• Environment: In what kind of environment will the data be captured and kept? The most critical environmental conditions that can affect storage performance and reliability are the altitude, temperature, humidity, and vibration. Systems in the mountains at high altitude, or aboard a highspeed train, will need to be resistant to different factors—pressure and movement. Ensure that the storage you select is designed to work and operate in its intended conditions, and environments will be critical to your future operations. 

  • Endurance: How many times can you write to the storage? With the new workloads enabled by more connected devices, it’s essential that the storage supporting them can sustain continuous read and write for a prolonged period of time. There’s a difference between “Endurance” and “Performance.” For your IIoT applications, the higher the endurance, the longer the product will last. Higher endurance will reduce the amount of maintenance by withstanding the constant write and erase cycles for many more hours compared to commercial and consumer-grade products. In addition, if your equipment is in a hard-to-reach place, such as on the outside of a tall building, a high-endurance storage solution will help reduce the frequency of maintenance and replacement.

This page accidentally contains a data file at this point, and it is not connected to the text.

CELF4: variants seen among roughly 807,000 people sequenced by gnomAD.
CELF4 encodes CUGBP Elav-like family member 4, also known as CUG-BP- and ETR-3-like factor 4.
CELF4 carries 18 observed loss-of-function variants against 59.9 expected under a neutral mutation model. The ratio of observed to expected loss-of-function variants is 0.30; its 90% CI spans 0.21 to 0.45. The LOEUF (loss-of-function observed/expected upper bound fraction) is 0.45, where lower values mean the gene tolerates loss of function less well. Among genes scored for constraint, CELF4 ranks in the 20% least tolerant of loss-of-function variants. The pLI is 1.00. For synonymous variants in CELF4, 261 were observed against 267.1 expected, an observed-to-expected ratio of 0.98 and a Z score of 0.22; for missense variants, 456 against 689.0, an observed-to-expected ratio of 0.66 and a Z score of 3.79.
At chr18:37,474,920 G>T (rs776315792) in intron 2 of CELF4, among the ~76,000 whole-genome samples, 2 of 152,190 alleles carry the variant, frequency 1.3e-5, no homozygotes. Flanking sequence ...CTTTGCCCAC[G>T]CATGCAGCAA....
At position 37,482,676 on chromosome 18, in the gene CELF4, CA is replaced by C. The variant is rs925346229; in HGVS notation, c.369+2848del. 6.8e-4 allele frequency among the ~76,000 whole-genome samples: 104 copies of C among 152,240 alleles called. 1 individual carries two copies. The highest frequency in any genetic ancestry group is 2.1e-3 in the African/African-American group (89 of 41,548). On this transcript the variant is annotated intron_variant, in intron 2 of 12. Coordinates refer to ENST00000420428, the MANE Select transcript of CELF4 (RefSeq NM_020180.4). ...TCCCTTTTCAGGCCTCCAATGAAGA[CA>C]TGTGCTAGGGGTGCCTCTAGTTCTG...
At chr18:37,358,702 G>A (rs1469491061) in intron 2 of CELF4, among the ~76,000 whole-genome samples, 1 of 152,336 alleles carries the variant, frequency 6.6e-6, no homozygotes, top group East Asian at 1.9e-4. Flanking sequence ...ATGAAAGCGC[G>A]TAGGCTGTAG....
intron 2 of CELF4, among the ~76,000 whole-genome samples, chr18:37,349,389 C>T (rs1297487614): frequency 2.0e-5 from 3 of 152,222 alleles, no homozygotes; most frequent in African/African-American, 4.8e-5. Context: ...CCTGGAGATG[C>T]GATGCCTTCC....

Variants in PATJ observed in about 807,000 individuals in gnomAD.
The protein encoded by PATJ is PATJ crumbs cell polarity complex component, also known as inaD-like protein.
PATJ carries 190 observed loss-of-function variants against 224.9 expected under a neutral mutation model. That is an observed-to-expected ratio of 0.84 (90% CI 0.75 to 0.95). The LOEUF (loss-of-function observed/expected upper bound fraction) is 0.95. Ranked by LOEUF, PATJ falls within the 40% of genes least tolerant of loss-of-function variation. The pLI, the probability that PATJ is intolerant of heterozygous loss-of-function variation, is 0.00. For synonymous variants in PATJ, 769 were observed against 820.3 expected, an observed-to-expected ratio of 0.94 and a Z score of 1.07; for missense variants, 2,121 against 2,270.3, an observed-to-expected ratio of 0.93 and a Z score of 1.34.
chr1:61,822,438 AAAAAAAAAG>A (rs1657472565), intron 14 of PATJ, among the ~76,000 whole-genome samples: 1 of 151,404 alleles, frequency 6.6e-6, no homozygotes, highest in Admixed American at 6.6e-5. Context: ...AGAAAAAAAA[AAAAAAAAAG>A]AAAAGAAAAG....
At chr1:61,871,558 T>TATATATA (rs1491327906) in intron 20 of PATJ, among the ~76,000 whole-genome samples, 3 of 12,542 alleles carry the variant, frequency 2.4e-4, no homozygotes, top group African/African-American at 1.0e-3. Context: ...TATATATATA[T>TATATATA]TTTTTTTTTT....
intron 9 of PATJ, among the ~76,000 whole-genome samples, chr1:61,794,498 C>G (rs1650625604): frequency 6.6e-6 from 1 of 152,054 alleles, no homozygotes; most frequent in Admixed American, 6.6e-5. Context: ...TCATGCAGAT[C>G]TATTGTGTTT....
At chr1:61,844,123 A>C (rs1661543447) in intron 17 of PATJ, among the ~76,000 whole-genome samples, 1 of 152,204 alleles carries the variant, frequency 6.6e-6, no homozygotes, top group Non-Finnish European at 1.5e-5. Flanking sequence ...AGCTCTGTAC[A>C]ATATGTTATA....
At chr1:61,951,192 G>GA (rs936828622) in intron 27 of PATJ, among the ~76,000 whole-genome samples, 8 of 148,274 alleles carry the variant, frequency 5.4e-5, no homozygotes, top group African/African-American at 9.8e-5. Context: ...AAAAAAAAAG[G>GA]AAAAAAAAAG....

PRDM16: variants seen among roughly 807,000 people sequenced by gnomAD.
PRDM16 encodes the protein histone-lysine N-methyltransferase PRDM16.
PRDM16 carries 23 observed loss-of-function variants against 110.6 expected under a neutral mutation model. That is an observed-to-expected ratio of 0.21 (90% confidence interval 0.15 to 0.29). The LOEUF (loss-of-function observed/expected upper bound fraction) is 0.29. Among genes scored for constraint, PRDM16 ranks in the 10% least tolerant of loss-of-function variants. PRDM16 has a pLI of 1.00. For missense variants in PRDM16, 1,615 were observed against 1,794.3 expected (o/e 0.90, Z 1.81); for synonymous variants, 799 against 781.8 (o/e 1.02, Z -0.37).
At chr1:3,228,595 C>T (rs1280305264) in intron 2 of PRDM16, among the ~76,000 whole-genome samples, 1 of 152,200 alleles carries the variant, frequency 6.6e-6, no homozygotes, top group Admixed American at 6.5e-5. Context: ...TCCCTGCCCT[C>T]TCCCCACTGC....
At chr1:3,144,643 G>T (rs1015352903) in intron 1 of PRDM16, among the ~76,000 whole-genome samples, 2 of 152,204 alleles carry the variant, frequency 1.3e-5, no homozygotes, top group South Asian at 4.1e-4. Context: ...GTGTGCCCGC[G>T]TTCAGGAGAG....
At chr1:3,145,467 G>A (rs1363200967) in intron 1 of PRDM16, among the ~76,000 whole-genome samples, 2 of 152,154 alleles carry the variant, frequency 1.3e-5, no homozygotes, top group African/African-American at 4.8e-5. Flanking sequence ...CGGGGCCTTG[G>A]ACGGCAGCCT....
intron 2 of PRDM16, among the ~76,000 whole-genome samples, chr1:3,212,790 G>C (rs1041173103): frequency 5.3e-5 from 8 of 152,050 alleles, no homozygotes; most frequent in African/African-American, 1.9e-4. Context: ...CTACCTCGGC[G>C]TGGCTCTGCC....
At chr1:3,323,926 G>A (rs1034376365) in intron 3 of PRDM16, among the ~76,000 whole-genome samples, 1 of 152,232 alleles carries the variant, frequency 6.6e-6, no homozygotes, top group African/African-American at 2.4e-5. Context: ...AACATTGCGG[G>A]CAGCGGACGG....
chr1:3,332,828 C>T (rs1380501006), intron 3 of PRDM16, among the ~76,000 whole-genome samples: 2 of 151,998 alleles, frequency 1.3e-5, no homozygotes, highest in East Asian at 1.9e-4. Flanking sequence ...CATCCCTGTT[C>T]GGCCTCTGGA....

• Data retention: How long does the data need to be stored? What do you want to process, analyze, and save at the endpoints, closer to the edge, and in the cloud? Data stored on industrial devices may need to be retained for longer periods of time, such as seasonal temperature patterns for agricultural or weather applications. Therefore, the ability to store and process more data with extended data retention may be critical. Specific data may also be retained in the cloud or on-premises for future analytics. It’s not just the data generated, but also the data that’s essential for the uptime of devices. The storage solution needs to easily scale to meet growing demand as well as potential data-retention policies and capacities required for various applications/use cases.

  • Remote health monitoring: How frequently are you able to access the storage in your industrial device? In the IIoT, devices aren’t always easily accessible. In a lights-out factory or remote location, IIoT devices can predict any equipment defects before they occur so that the factory can proactively address the issue before it impacts manufacturing time or, worse, causes downtime. The ability to monitor the health status of storage and perform predictive maintenance on both devices and the storage supporting them will reduce downtime of IIoT applications.